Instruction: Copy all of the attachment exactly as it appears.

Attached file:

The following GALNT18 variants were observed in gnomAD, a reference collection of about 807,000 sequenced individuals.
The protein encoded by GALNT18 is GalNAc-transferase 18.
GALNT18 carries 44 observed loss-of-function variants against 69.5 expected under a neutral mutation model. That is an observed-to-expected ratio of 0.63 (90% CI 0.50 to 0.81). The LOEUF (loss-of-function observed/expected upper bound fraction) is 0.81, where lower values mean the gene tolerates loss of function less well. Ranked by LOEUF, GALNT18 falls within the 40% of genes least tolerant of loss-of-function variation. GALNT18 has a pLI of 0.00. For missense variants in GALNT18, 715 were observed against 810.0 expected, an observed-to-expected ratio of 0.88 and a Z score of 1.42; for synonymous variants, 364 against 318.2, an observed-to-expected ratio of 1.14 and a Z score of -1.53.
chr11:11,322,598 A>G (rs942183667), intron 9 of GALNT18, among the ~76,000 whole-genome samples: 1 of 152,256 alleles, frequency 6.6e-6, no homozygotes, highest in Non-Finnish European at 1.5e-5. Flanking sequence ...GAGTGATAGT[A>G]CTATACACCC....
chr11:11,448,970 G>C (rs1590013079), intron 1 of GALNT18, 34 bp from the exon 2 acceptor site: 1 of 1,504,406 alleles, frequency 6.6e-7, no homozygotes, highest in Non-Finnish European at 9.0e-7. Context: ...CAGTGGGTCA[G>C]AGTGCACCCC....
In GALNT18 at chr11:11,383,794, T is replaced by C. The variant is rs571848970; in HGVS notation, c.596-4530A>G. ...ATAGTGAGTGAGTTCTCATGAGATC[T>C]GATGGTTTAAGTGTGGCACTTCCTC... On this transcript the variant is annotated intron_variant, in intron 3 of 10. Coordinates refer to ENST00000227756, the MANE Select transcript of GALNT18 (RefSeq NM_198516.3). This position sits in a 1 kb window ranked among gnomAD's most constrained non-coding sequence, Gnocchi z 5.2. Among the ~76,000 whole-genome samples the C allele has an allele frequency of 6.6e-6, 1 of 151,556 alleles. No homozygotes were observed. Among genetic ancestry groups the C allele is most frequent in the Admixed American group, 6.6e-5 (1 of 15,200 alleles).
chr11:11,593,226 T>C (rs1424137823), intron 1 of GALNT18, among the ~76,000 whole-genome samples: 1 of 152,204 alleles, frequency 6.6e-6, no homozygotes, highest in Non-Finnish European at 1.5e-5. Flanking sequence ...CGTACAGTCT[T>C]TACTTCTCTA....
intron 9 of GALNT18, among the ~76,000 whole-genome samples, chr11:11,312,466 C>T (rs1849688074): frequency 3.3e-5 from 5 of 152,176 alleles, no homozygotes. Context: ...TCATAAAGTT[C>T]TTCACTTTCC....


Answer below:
The following GALNT18 variants were observed in gnomAD, a reference collection of about 807,000 sequenced individuals.
The protein encoded by GALNT18 is GalNAc-transferase 18.
GALNT18 carries 44 observed loss-of-function variants against 69.5 expected under a neutral mutation model. That is an observed-to-expected ratio of 0.63 (90% CI 0.50 to 0.81). The LOEUF (loss-of-function observed/expected upper bound fraction) is 0.81, where lower values mean the gene tolerates loss of function less well. Ranked by LOEUF, GALNT18 falls within the 40% of genes least tolerant of loss-of-function variation. GALNT18 has a pLI of 0.00. For missense variants in GALNT18, 715 were observed against 810.0 expected, an observed-to-expected ratio of 0.88 and a Z score of 1.42; for synonymous variants, 364 against 318.2, an observed-to-expected ratio of 1.14 and a Z score of -1.53.
chr11:11,322,598 A>G (rs942183667), intron 9 of GALNT18, among the ~76,000 whole-genome samples: 1 of 152,256 alleles, frequency 6.6e-6, no homozygotes, highest in Non-Finnish European at 1.5e-5. Flanking sequence ...GAGTGATAGT[A>G]CTATACACCC....
chr11:11,448,970 G>C (rs1590013079), intron 1 of GALNT18, 34 bp from the exon 2 acceptor site: 1 of 1,504,406 alleles, frequency 6.6e-7, no homozygotes, highest in Non-Finnish European at 9.0e-7. Context: ...CAGTGGGTCA[G>C]AGTGCACCCC....
In GALNT18 at chr11:11,383,794, T is replaced by C. The variant is rs571848970; in HGVS notation, c.596-4530A>G. ...ATAGTGAGTGAGTTCTCATGAGATC[T>C]GATGGTTTAAGTGTGGCACTTCCTC... On this transcript the variant is annotated intron_variant, in intron 3 of 10. Coordinates refer to ENST00000227756, the MANE Select transcript of GALNT18 (RefSeq NM_198516.3). This position sits in a 1 kb window ranked among gnomAD's most constrained non-coding sequence, Gnocchi z 5.2. Among the ~76,000 whole-genome samples the C allele has an allele frequency of 6.6e-6, 1 of 151,556 alleles. No homozygotes were observed. Among genetic ancestry groups the C allele is most frequent in the Admixed American group, 6.6e-5 (1 of 15,200 alleles).
chr11:11,593,226 T>C (rs1424137823), intron 1 of GALNT18, among the ~76,000 whole-genome samples: 1 of 152,204 alleles, frequency 6.6e-6, no homozygotes, highest in Non-Finnish European at 1.5e-5. Flanking sequence ...CGTACAGTCT[T>C]TACTTCTCTA....
intron 9 of GALNT18, among the ~76,000 whole-genome samples, chr11:11,312,466 C>T (rs1849688074): frequency 3.3e-5 from 5 of 152,176 alleles, no homozygotes. Context: ...TCATAAAGTT[C>T]TTCACTTTCC....